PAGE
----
Brute Force Review - The Next Level

Game Profile

System:
Xbox
Release date:
May 28, 2003
Publisher:
Microsoft Game Studios
Developer:
Digital Anvil
Players:
1 - 4
Genre:
Third-Person Shooter
ESRB:
M

Brute Force

Alone they're strong, together they're deadly.

Review by Chris Bahn (Email)
August 4th 2004

Unfortunately, the enemy AI leaves a lot to be desired. On the whole, the ambience is practically non-existent and their behaviors are downright cowardly (most of the enemies simply hide behind rocks and duck in and out to hide and return fire). This isn't the type of action that I signed up for and if Brute Force were a real unit, the opposition would be dispatched in seconds.

Moreover, the enemies also lack personality. Taking another look at Halo (yes, I know by now this seems unfair), the Grunts and the Elites, for example, have enough personality and sophistication to spare. The voice samples, of course, give them an added dimension, but their distinct attack styles and the relative degree of interaction they demonstrate is what I am getting at. You don't see any of that here and it's a major disappointment. I won't even get into the NPC marine characters which periodically aid you in the game. Let's just say they're your usual run-of-the mill types and leave it at that.


In all its splendor (or lack thereof)

Brute Force doesn't really demonstrate the Xbox's graphics potential - or rather, the developers must have looked the other way when they conceived the level design. Much of the levels look rehashed, with the exception of rock designs and flora thrown here and about. They're also very linear, though the gameplay gives the impression that you are able to move about as you please. But it's all an illusion and, more or less, each campaign feels like a routine exercise of search-and-destroy, recon and/or escort missions. Wash. Rinse. Repeat.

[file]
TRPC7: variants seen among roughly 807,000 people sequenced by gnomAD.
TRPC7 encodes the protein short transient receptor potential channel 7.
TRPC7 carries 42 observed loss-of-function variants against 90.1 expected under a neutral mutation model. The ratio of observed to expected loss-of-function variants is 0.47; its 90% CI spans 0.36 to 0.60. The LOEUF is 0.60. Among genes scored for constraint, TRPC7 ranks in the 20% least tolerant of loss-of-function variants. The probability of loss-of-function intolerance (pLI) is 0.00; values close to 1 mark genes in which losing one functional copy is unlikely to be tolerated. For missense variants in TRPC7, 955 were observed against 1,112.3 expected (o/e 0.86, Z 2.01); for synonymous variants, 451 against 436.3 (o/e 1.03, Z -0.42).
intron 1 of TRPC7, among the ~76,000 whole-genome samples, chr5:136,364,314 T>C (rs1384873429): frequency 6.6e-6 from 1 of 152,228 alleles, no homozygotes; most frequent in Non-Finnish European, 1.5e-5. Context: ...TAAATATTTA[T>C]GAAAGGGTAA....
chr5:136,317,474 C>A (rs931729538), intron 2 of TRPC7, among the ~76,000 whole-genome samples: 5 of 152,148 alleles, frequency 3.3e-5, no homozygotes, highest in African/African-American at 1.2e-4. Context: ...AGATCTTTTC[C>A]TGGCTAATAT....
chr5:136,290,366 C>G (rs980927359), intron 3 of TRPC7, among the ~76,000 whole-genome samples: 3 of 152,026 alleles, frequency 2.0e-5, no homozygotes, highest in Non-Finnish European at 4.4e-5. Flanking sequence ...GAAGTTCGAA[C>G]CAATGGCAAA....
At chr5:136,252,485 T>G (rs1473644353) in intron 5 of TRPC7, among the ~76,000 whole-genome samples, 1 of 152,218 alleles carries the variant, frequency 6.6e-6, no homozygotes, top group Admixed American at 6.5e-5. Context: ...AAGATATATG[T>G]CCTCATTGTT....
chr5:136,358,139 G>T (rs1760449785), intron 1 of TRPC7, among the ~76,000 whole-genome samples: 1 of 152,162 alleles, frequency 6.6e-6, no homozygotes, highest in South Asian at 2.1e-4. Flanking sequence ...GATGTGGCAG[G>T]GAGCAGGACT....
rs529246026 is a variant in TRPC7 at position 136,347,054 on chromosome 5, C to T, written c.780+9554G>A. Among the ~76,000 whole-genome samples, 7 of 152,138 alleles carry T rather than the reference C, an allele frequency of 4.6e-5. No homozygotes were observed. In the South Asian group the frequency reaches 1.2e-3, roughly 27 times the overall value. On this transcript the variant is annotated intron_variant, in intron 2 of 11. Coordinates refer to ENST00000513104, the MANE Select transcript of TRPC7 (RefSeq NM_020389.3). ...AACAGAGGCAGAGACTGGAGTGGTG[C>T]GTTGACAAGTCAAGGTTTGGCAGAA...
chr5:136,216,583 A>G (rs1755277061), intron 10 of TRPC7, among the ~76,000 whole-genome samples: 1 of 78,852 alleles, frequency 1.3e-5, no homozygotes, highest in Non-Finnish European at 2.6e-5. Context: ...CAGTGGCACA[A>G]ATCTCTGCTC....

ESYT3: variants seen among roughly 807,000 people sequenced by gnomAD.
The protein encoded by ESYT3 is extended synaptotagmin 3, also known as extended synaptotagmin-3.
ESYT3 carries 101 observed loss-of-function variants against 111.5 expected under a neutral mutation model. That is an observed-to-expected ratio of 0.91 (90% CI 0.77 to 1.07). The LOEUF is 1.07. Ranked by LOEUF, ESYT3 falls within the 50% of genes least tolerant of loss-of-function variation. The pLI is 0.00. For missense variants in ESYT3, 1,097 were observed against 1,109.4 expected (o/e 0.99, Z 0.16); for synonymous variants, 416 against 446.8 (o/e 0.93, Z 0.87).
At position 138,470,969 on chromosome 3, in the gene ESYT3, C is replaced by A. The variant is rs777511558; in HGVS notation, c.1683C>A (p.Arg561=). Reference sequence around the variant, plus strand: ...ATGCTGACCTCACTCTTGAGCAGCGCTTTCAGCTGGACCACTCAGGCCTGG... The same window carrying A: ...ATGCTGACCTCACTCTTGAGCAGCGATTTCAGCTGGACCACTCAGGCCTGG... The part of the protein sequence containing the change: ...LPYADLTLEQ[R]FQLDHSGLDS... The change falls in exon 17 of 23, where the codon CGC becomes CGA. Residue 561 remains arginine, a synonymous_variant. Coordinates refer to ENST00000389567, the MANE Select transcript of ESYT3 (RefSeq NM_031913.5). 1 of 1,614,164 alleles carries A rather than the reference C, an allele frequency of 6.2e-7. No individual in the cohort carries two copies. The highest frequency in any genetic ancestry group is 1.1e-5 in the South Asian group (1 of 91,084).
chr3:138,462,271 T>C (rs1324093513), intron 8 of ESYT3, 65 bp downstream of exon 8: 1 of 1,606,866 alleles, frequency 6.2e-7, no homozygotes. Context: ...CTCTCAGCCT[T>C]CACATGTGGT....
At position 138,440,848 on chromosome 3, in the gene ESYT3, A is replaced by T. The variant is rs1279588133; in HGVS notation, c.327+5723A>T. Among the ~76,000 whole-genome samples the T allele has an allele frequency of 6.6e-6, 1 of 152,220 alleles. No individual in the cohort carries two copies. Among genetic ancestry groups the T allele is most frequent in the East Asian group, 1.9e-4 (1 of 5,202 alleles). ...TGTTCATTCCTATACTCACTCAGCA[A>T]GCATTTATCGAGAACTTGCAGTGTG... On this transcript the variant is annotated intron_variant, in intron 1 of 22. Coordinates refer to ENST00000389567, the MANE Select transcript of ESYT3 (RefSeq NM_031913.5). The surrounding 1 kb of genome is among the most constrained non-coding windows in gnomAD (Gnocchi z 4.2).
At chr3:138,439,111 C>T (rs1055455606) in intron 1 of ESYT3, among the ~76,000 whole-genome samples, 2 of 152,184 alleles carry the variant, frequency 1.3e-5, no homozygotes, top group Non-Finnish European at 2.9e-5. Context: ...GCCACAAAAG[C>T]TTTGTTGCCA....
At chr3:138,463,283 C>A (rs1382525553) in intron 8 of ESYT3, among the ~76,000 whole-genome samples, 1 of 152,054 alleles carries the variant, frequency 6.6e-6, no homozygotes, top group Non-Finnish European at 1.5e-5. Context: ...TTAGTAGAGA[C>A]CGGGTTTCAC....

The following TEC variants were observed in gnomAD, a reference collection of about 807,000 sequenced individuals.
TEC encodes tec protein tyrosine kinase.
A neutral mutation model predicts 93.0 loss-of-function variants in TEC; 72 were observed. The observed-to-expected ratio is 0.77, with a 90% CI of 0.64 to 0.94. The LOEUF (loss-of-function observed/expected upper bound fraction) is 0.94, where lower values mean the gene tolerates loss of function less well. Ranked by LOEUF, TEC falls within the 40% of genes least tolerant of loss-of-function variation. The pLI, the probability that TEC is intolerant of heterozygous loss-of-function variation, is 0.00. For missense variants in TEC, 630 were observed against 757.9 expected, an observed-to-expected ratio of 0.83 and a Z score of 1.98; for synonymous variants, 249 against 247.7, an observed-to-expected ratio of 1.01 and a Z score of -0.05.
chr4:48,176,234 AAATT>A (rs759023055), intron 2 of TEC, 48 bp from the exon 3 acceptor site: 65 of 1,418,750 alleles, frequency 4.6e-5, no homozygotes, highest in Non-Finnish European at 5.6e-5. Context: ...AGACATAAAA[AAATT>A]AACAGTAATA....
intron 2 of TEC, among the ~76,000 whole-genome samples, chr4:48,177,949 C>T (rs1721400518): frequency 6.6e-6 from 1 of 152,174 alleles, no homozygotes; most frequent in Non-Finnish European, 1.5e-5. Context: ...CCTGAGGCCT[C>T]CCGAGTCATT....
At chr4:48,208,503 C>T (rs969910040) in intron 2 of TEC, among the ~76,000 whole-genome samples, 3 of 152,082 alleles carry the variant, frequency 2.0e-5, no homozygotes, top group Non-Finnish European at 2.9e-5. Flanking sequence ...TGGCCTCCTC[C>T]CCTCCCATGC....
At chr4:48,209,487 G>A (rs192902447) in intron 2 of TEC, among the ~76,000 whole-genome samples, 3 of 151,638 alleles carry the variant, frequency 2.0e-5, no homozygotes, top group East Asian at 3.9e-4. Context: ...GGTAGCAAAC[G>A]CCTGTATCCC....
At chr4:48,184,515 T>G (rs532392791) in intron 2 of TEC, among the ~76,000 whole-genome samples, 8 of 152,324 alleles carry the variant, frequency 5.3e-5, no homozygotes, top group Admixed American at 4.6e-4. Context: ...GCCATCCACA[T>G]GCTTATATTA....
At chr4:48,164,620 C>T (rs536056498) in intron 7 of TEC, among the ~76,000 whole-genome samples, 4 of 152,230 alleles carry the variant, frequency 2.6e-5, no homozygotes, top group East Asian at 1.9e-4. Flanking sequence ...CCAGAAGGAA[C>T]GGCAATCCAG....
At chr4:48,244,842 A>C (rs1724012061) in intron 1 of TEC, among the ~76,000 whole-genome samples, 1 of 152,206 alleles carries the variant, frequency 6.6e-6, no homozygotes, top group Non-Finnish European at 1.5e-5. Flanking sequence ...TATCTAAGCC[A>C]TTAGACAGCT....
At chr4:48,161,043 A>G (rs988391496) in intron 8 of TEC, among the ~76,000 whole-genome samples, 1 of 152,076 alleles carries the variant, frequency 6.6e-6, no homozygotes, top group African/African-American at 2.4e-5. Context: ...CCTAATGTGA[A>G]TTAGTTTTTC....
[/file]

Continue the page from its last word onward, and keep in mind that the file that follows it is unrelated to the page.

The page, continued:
Brute Force's biggest draw lies in its multiplayer feature. Only it's not quite as you would expect it to be. Players can obtain new maps, expanding upon the default number of missions featured in the game (akin to Splinter Cell's Kola Cell level). There's nothing wrong with that, but where's the online multiplayer? Oddly enough, it's not here, so you're left with the system link option or playing on the same machine. I love co-op play, but it doesn't compare to online play, period. Many players would certainly have a bone to pick with Microsoft about this. This begs to be further discussed on our boards but - does every Xbox title (first-/third-person shooters in particular) need to have Xbox Live support? I'd be curious as to what you all have to say about that, especially since Microsoft has pledged to deliver more Xbox Live titles.

Despite a few minor gameplay issues, Brute Force still holds a relative degree of entertainment value which you and your friends can enjoy (as a rental). This marks the first exceptionally bland product ever to be put out by Digital Anvil, which recently produced Freelancer for the PC. The roots of the game present a lot of potential, but it was unfortunately killed by poor execution. Hopefully, this won't be the last time we see Brute Force set foot on the battlefield. Bad gameplay elements should be indiscriminately gunned down on sight.

Article originally published on The Next Level

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